Situated in the Bois de Boulogne next to the Louis Vuitton Foundation, this children’s amusement park has an interesting history dating back to the times of Napoleon III when it opened as a zoo showcasing flora and fauna from France’s colonies. Later, in the 19th century, it became what was known as a “human zoo” where people from foreign and exotic countries were “exhibited” in anthropological expositions. Today, it offers a wide array of leisure activities including children’s rides and mini-rollercoasters that both kids and their parents can enjoy. We went on a playdate with my friend and her daughter and had a total blast. Sharing June’s first rollercoaster ride was totally worth it and so much fun for the two of us. There are many different ticket options and packages to choose from. I recommend purchasing the Unlimited Pass (€28 if you buy at least seven days in advance, otherwise €32 onsite) vs. buying tickets for individual rides. It will save you time and money once inside the park.
The Palais Royal Columns
Found in the inner courtyard of the Palais Royal close to the Louvre, the 260 black-and-white striped marble pillars by French artist Daniel Buren create a fantastic space for children to play, climb and otherwise imagine fun games surrounded by both history and modern art. Also known as Les Deux Plateaux or the Colonnes de Buren, the truncated columns vary in height, providing endless jump scenarios for the kids – because good times are often found in the simplest things, even when in Paris.
One of the great things about Paris is the number of public playgrounds and open spaces where children can run, play and let their imagination go wild. We found many of those around the city, often without even looking for them. The one at Les Halles was a perfect stop after enjoying a classic American lunch (burgers and fish-and-chips) at Indiana Cafe next door. Having a Metro station entrance steps away, it was easy to head back home once we were done with playtime.
Palais de la Découverte
This science museum housed in the Grand Palais in the center of Paris was a total hit with June. We spent a whole day exploring its fascinating temporary and permanent exhibits, and hands-on experiments. With many interactive displays, the exhibits aren’t necessarily as flashy as some of the modern science museums one could find in the U.S. but definitely engaging and educational in an “Old World” kind of way. Tickets are €9 for adults and €7 for those under 25. Visit their website for more information on times, current exhibits and Planetarium shows.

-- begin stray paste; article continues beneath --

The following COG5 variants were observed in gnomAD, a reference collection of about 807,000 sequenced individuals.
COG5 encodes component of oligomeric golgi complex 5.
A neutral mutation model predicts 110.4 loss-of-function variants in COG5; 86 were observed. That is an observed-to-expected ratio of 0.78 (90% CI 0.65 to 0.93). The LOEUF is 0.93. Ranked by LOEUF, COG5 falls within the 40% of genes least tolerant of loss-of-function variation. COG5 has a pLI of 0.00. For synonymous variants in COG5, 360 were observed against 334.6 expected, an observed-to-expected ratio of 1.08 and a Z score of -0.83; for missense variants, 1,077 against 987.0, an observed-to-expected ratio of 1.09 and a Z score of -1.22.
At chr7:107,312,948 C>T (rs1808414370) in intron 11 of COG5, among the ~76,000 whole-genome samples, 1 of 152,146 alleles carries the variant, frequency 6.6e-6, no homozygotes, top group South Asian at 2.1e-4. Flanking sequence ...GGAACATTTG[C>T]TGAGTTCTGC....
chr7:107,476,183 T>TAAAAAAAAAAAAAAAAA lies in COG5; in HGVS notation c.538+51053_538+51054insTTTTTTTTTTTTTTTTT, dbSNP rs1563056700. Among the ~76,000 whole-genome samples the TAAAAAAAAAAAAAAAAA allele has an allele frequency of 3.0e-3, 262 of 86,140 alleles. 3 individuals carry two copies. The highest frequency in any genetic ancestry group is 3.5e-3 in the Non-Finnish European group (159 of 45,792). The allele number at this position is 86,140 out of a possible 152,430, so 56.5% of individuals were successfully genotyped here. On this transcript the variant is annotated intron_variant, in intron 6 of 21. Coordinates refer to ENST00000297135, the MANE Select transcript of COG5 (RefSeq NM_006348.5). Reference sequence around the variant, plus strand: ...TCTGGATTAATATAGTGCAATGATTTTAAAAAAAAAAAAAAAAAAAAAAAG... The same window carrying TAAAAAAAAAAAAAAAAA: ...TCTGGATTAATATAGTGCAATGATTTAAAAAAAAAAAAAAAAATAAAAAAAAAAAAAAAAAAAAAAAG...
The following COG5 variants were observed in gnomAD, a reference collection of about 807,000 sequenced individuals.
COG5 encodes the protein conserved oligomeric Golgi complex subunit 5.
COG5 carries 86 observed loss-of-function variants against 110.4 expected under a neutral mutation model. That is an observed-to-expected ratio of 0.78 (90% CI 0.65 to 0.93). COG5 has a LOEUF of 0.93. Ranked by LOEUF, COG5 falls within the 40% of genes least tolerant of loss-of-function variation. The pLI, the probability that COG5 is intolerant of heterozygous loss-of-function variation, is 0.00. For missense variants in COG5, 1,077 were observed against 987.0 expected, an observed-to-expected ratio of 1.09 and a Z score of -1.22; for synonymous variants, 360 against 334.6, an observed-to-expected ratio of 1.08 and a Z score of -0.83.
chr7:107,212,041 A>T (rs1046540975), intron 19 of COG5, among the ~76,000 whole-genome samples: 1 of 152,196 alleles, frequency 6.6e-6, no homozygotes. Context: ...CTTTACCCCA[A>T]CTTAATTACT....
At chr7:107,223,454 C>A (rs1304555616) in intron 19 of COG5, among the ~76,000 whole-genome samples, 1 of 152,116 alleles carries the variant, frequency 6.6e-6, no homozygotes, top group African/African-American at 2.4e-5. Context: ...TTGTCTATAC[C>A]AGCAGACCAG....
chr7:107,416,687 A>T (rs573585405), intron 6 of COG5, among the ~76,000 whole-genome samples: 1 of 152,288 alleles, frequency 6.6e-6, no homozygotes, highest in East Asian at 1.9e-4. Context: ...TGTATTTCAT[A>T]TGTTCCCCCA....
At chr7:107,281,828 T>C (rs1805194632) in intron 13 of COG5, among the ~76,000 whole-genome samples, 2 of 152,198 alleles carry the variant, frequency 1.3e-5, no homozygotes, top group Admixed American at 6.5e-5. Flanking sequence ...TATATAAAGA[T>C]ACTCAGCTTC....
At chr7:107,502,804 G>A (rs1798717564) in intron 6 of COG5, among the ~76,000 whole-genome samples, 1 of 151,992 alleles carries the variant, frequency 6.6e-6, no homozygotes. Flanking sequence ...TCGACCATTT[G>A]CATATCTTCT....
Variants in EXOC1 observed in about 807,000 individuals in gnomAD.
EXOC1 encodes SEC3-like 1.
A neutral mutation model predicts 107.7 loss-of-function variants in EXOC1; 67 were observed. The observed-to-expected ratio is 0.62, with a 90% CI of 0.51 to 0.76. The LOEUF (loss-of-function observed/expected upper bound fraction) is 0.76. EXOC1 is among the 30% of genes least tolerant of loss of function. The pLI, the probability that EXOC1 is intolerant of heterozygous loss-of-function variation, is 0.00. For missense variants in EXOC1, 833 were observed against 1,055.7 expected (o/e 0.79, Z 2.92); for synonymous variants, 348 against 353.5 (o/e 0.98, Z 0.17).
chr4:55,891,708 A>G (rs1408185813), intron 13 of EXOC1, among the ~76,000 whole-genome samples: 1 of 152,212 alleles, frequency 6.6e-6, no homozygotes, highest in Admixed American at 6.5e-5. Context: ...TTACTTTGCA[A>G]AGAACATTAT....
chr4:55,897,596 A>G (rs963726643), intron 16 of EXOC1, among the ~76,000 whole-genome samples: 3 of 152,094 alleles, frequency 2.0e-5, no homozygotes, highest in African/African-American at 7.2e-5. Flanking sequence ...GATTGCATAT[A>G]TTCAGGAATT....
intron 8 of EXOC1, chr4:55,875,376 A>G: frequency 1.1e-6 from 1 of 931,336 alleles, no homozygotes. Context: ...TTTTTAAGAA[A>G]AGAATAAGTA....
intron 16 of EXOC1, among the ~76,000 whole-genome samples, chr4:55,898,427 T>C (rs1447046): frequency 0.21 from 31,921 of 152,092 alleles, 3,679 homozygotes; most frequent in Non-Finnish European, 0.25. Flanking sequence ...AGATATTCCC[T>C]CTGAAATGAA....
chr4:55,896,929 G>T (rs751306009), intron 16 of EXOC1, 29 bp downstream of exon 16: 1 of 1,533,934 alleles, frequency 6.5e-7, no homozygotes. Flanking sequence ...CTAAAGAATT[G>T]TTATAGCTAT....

Chateau de Vincennes
Located in the 12th arrondissement on the east side of Paris, this French fortress is an easy Metro ride from the city's center and a great place to visit with kids without the crowds of Versailles. While lacking interior decorations and furnishings, its impressive dimensions (its donjon tower measures 52 meters/170 feet high) and medieval architecture make it an interesting and delightful visit for both children and adults. Next door, the Bois de Vincennes and its tranquil lake make for a lovely place to take a stroll on a lazy afternoon. Entry to the castle is free for children under 18. Adult tickets are €9 and can be purchased onsite.
With so many great places to visit and things to see in Paris, I wasn't sold on the idea of taking a day off to visit Disneyland Paris, but June kept seeing posters featuring the beautiful Cinderella castle and asking if we would be able to visit. In the end, I caved in, and I'm glad I did. We spent our last day in France at "the happiest place" on that side of the world and enjoyed every bit of it. I found the park's dimensions to be very manageable compared to the California park, and it wasn't nearly as crowded even though we went in August. To make the best of our time there, I booked us a room at the Best Western Hotel Grand Parc Marne La Vallé for the night before our visit and took a quick Uber ride in the morning to the park after taking advantage of the hotel's breakfast buffet (included with our reservation). There are plenty of day tours offered from Paris, too. Follow this link for tour and ticket options!
While most kids will frown at the idea of spending half a day confined inside the walls of a museum, Paris offers plenty of opportunities to introduce even the younger ones to its rich artistic heritage – and it makes it affordable for parents with free entrance for children under 18! In addition, most of the main museums offer great kid-friendly resources that families can take advantage of when planning a visit. To learn more about this, check out my blog post about Making the Best of Paris' Museums with Kids.